A defect caused by an error in cell division is called a mismatch. Paul Modrich, a Howard Hughes Medical Institute (Maryland) investigator at Duke University, has spent his career studying the mechanisms of mismatch repair. In the 1980s, Modrich identified, cloned, and mapped numerous enzymes involved in the mismatch repair process. In 1989, he published a report on his successful recreation of the mismatch repair process in vitro. Defective mismatch repair systems are associated with a number of diseases, including a hereditary form of colon cancer.

The work of these awardees may lead to future treatments for cancer. “That is why curiosity-based research is so important,” Paul Modrich told the Nobel Prize committee [PDF]. “You never know where it is going to lead … a little luck helps, too.”

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The Elements
10 Quick Facts About Cobalt
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How well do you know the periodic table? Our series The Elements explores the fundamental building blocks of the observable universe—and their relevance to your life—one by one.

Cobalt hides out in everyday objects and happenings around us, from batteries and blue paint to medical procedures. We've used it for millennia, even before the common era, but it didn't get proper credit until the 18th century. With its 27 protons, cobalt is sandwiched between iron and nickel in the middle portion of the periodic table with the other "transition" metals, which bridge the main group elements located on either side. Here are ten curious facts about this element.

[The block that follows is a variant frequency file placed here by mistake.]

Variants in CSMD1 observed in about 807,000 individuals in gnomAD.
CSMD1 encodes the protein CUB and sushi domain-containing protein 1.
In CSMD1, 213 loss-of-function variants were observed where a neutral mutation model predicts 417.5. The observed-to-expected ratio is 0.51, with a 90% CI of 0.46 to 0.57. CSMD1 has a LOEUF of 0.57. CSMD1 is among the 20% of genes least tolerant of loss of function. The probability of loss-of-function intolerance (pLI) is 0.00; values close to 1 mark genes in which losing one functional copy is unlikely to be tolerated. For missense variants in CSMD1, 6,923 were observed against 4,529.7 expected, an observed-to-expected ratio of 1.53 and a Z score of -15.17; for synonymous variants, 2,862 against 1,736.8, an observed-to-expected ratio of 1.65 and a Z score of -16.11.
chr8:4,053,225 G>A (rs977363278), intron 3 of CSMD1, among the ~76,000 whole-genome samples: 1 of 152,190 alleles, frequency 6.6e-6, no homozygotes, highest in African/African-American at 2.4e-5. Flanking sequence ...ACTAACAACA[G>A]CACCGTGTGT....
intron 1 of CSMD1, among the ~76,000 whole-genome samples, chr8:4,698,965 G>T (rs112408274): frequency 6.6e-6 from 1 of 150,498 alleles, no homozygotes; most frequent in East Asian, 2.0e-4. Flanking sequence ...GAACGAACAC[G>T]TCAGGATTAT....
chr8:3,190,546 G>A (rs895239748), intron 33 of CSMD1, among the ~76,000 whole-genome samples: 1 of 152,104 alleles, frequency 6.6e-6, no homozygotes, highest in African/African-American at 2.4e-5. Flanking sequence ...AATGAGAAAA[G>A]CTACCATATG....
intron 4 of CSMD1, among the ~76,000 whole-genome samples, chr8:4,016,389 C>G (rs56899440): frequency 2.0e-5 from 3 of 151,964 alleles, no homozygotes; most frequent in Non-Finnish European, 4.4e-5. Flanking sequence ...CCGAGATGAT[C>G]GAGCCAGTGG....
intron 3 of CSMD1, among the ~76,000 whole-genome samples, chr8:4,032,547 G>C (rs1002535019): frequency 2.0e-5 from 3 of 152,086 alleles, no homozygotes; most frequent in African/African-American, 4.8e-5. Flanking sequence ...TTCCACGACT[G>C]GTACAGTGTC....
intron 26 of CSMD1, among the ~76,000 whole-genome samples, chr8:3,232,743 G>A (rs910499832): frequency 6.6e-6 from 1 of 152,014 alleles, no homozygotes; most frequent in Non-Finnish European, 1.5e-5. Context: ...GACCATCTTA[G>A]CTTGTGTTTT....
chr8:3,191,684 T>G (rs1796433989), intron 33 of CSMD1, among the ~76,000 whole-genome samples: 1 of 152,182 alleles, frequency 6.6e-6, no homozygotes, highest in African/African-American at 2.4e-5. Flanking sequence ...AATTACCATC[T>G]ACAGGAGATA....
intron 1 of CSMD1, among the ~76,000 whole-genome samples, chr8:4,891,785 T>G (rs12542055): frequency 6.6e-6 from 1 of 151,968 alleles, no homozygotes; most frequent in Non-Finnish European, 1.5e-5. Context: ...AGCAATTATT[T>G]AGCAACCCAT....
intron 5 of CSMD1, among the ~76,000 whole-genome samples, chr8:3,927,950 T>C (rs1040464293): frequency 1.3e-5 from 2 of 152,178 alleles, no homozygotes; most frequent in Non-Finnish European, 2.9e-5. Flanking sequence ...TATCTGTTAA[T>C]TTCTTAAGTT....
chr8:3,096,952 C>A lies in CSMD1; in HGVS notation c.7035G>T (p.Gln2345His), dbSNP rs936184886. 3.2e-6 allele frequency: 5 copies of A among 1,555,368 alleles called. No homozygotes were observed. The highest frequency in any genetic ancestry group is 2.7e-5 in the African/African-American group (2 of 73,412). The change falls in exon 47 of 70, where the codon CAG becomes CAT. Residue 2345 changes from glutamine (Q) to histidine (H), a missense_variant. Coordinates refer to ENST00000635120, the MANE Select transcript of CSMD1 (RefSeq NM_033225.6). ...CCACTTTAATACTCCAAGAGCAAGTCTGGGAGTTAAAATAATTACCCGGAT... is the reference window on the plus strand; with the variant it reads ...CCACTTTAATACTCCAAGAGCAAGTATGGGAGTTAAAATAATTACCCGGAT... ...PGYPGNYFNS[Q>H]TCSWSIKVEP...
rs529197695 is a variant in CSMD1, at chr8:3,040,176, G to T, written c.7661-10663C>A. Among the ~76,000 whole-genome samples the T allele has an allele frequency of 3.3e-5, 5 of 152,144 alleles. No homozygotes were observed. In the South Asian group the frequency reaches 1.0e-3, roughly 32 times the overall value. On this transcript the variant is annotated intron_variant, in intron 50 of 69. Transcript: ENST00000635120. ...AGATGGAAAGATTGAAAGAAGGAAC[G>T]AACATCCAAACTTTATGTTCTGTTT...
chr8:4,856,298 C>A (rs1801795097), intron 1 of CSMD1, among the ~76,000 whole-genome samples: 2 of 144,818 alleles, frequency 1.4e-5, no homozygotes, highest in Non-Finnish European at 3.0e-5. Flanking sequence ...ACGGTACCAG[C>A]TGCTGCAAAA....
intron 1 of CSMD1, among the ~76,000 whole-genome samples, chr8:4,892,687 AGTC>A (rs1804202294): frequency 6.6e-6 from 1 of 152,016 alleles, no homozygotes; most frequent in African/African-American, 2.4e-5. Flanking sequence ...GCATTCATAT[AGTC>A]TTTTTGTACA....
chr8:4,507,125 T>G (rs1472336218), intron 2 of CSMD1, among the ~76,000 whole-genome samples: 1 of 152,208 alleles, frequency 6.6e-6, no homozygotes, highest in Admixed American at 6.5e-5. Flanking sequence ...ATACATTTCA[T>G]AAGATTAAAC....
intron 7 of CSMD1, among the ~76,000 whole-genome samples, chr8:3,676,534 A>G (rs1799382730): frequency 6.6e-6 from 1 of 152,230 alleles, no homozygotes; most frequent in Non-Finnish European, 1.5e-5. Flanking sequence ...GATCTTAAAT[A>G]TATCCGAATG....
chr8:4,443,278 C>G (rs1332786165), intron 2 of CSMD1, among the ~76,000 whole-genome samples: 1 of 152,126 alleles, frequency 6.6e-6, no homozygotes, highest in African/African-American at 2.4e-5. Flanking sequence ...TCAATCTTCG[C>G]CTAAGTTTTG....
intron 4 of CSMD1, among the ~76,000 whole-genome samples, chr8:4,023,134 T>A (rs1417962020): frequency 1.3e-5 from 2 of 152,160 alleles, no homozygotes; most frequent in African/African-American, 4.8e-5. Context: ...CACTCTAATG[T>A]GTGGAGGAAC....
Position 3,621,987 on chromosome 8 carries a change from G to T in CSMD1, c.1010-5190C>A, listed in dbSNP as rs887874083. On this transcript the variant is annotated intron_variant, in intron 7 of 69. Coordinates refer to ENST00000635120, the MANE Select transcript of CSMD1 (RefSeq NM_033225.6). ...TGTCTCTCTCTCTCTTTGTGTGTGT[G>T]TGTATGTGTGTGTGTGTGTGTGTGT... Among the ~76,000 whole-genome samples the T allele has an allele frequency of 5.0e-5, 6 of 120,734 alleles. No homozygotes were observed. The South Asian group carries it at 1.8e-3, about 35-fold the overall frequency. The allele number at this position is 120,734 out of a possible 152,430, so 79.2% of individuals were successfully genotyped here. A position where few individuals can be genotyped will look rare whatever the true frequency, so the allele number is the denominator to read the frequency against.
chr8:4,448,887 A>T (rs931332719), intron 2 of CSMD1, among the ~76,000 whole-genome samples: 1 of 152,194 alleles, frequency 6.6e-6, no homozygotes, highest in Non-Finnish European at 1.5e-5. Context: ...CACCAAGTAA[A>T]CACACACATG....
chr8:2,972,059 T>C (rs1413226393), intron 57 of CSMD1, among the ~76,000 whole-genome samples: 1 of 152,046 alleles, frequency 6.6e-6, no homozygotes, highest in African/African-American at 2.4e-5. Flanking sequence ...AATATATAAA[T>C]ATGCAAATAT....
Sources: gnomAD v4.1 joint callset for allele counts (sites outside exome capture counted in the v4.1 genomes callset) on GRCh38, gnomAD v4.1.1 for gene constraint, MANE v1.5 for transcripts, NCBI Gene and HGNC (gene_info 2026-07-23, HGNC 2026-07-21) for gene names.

1. PURE COBALT DOES NOT NATURALLY EXIST ON EARTH.

Though you can find cobalt just about everywhere—in the soil, in mineral deposits, and even in crusts on the seafloor—it's always combined with other elements like nickel, copper, iron, or arsenic, such as in the bright crimson arsenate mineral erythrite. It's usually collected as a byproduct of mining for other metals—especially nickel and copper—and, once purified, is a burnished gray color.

2. COBALT MAY NOT BE RARE, BUT IT IS VALUABLE.

Despite being relatively common, it's considered a critical raw material by the European Union because there are few places where it's abundant enough to be mined in larger quantities. The only mine in the world where it's the primary product is in Morocco.

3. COBALT WAS NAMED AFTER SUBTERRANEAN GERMAN GOBLINS.

Centuries ago, miners in the mountains of Germany had a great deal of trouble trying to melt down certain ores for useful metals like silver and copper, and even dealt with poisonous fumes released from the rock, which could make them very sick or even kill them. They blamed the kobolds—pesky, underground sprites of local folklore (and more recently, the name of a Dungeons & Dragons species). Though the vapors actually arose from the arsenic also contained in the ores, when chemists later extracted cobalt from these minerals, the name stuck.